By a slim margin of 63-56, the South Carolina House of Representatives voted on May 10 to pull down the Confederate battle flag that has fluttered above the state's capitol dome since 1962 and to remove it to "a place of honor" on the capitol grounds. The vote was the grand (or perhaps the petty) finale to a controversy that has lurked above and below the surface of South Carolina's politics for much of the last decade and has now begun to haunt the politics of other Southern states and, indeed, that of the whole nation as well. Proponents of removing the Confederate flag from the capitol argued that the flag is, in the immortal and typically stilted phrasing of a 1991 resolution of the NAACP, "an odious blight upon the universe," or, in the lesser eloquence of Sen. John McCain, "a symbol of racism and slavery." Supporters of the flag argued, generally, that it was not a symbol of racism and slavery, though they seemed to disagree as to what it actually does symbolize— states' rights, Southern independence, cultural tradition, or simply the martial virtues of honor, loyalty, courage, and willingness to sacrifice for a cause that most Americans, learned or not, associate with the Confederacy and its hapless warriors. Like all real symbols, the flag, in fact, symbolizes many different things, most of them intimately connected to each other in the enduring bond called "civilization." If the meanings of symbols could be neatly translated into simple and clear language, there would be no need for symbolism at all.
The NAACP and nitwits like John McCain are by no means the most dangerous enemies of Southern traditions. As noted, the NAACP has been crusading against the Confederate flag since at least 1991, but only this year was its crusade successful. It is impossible to account for its victory without considering the immense assistance it received from the Republican Party and the “capitalism” before which the party loves to prostrate itself. If it's dangerous enemies you're looking for, those two will give you a fight to the death any day.
The unreliability of the Republicans on the flag has been manifest since at least the early 1990s (some would say since the 1860s), when South Carolina's Republican Gov. David Beasley actually violated a campaign promise he had made in 1994 not to try to remove the flag from the capitol dome and then at once proceeded to devote much of his ensuing administration to trying to do just that. He soon gathered the support of Sen. Strom Thurmond, former Gov. Carroll Campbell, the Christian Coalition, and all the rest of the repellent crew that performs under the Big Tent of the Grand Old Party. As it developed, the determination of the Republican establishment to get rid of the flag was of no avail, since a populist movement centered on defense of the flag stopped them from doing so. Gov. Beasley, whom Christian Coalition leader Ralph Reed had boomed as a possible presidential candidate, was promptly bounced from office in the following election, largely because of his treachery over the flag issue.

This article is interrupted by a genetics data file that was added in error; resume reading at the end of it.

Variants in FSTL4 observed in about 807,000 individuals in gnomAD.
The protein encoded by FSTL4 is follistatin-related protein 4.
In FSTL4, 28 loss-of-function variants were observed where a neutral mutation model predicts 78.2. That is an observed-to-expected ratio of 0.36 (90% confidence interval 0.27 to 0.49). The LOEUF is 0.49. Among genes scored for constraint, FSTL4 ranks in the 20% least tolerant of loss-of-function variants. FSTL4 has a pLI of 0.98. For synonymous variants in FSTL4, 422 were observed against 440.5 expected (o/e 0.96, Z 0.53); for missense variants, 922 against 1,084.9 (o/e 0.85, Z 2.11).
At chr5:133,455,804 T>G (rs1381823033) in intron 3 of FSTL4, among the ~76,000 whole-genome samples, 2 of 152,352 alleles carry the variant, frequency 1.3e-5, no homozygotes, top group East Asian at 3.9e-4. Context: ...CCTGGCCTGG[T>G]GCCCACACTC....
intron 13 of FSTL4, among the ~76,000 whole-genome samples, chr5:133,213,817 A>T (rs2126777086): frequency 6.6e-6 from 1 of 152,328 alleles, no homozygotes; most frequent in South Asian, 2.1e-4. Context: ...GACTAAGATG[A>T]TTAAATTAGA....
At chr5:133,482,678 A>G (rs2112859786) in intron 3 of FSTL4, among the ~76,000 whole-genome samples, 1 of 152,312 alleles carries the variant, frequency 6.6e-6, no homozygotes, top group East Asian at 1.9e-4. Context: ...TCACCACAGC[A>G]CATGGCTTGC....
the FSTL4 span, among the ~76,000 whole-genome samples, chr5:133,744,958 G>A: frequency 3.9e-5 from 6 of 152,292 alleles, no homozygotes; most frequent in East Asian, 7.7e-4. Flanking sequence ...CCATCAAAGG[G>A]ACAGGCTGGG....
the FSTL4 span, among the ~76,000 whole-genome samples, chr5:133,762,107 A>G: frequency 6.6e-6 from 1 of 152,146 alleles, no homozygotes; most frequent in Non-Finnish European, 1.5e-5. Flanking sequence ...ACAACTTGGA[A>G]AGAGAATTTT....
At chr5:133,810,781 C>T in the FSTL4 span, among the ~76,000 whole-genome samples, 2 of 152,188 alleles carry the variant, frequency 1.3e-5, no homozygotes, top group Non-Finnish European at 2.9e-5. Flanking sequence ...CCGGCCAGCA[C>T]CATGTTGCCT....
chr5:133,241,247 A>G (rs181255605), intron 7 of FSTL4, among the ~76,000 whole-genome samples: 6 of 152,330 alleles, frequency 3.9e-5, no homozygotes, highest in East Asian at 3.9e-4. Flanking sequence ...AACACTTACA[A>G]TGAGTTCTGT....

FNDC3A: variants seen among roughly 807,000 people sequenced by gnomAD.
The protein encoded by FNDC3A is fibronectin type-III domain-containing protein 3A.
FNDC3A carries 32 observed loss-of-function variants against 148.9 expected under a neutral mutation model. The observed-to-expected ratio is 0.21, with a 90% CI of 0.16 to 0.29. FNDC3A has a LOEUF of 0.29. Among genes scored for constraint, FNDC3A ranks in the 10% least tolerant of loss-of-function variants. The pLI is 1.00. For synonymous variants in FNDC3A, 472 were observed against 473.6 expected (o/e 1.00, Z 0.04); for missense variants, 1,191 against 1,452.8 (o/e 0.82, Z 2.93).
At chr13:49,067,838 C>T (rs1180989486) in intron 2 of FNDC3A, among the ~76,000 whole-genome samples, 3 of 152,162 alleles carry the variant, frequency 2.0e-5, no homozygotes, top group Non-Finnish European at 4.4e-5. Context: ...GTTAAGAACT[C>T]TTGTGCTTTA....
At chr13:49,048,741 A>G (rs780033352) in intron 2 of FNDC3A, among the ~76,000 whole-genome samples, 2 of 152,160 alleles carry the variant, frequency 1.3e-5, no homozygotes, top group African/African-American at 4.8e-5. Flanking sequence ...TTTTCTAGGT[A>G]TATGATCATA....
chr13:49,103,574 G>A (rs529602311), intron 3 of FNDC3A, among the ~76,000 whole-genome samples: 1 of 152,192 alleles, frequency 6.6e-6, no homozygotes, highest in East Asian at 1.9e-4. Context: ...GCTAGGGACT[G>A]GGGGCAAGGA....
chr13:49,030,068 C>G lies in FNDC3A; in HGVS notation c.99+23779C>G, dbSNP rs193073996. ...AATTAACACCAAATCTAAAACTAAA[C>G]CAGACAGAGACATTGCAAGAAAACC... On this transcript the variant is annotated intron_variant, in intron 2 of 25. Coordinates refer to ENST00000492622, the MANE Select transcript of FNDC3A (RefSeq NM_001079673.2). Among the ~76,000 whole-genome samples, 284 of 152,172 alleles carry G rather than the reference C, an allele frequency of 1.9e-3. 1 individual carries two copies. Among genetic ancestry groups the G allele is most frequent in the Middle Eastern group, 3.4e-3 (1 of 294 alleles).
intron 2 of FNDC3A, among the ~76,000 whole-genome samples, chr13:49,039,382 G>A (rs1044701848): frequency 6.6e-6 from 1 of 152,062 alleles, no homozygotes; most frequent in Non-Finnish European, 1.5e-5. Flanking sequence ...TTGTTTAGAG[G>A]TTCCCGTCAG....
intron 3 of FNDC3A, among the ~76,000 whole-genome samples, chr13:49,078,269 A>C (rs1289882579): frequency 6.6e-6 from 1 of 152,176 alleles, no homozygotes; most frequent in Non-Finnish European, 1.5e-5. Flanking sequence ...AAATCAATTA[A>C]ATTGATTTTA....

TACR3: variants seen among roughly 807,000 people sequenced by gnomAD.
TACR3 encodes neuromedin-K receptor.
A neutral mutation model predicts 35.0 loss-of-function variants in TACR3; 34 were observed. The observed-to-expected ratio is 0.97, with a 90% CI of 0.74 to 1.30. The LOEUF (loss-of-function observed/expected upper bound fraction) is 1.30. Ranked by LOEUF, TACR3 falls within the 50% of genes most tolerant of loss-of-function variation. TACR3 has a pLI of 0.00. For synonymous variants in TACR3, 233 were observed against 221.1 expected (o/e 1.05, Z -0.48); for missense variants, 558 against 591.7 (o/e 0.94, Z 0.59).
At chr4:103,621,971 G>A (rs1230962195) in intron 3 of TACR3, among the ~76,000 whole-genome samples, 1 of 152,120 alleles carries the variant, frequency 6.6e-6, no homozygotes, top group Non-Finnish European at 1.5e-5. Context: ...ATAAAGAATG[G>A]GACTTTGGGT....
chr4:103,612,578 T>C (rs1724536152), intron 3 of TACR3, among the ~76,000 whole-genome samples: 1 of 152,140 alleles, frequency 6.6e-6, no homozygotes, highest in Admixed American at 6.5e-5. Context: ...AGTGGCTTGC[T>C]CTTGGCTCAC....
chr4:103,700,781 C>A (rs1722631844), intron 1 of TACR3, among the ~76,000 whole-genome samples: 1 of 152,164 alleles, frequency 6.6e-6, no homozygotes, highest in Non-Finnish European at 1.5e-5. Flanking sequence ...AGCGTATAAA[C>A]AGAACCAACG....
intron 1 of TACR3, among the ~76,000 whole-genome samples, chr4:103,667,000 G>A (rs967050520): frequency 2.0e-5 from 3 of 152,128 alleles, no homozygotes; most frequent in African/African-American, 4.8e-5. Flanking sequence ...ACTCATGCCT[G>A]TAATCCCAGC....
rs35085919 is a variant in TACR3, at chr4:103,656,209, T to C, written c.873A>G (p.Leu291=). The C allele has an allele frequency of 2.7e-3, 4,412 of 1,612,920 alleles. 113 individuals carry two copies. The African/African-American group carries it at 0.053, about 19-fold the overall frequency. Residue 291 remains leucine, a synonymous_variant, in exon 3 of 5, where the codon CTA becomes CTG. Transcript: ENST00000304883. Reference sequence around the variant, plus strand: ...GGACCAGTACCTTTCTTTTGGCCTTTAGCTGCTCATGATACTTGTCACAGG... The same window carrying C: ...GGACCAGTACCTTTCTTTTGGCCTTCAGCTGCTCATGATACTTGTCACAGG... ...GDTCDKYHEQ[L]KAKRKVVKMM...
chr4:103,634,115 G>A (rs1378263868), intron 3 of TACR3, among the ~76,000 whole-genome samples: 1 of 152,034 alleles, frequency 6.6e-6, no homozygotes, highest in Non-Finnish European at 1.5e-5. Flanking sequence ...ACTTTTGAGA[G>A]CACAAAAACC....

Republican betrayal in the earlier flag controversy was grounded in a lust to gain Black votes that never materialized, but in the most recent battle, it was compounded by greed and fear, which the NAACP cleverly managed to incite. The campaign against the flag was joined to the NAACP's proclamation of a national boycott of the state until the flag was removed from the capitol building, and since the boycott struck directly at the capitalist heart of the Republican Party and, indeed, at capitalism itself, it was a far more efficacious tactic than simply threatening to vote against politicians who refused to remove the flag. By targeting the business elites that call the shots in the GOP, which controls the majority in the South Carolina House, and the $14 billion tourist industry of the state, the NAACP actually struck at the heart of the modern South.
The role of Big Business in forcing the flag off the dome was clear at least as early as last year, when the New York Times ran an article discussing it. The article quoted Paula Harper Bethea, chairwoman of the South Carolina Chamber of Commerce, as offering up most of the clichés that riddle the businessman brain in justification of removing the flag. “The shrinking world in which we live, the way technology has brought us together,” Miss Bethea beamed, “has made us come to realize that we are not islands unto ourselves. If we're going to be part of the next millennium, we have to move that flag off our Statehouse dome and put it in a place of honor elsewhere.” Of course, the reason the NAACP demanded its removal was that it claimed the flag is a symbol of racism and slavery, and if that were so, why on earth would anyone want to “put it in a place of honor elsewhere”? The statement made little sense, but what was driving it was not sensibleness so much as the mere determination to make the controversy go away and get back to business. Michelin Tire Company, which has constructed a new plant in South Carolina to replace the textile mills put out of business by free trade, was also “particularly vocal about the need to move the flag off the dome,” the Times reported.
In Alabama, the same dynamic was evident. Capitalist Neal Wade, of a group called the Economic Development Partnership of Alabama, told the Times that the Confederate flag had to go because, "Anything that causes division within a state makes it less attractive to a potential employer, particularly from overseas,” and the Times itself commented that “the pressure is even greater to join the global economy, and foreign employers do not want the slightest hint of a divided work force or a reputation for backwardness.”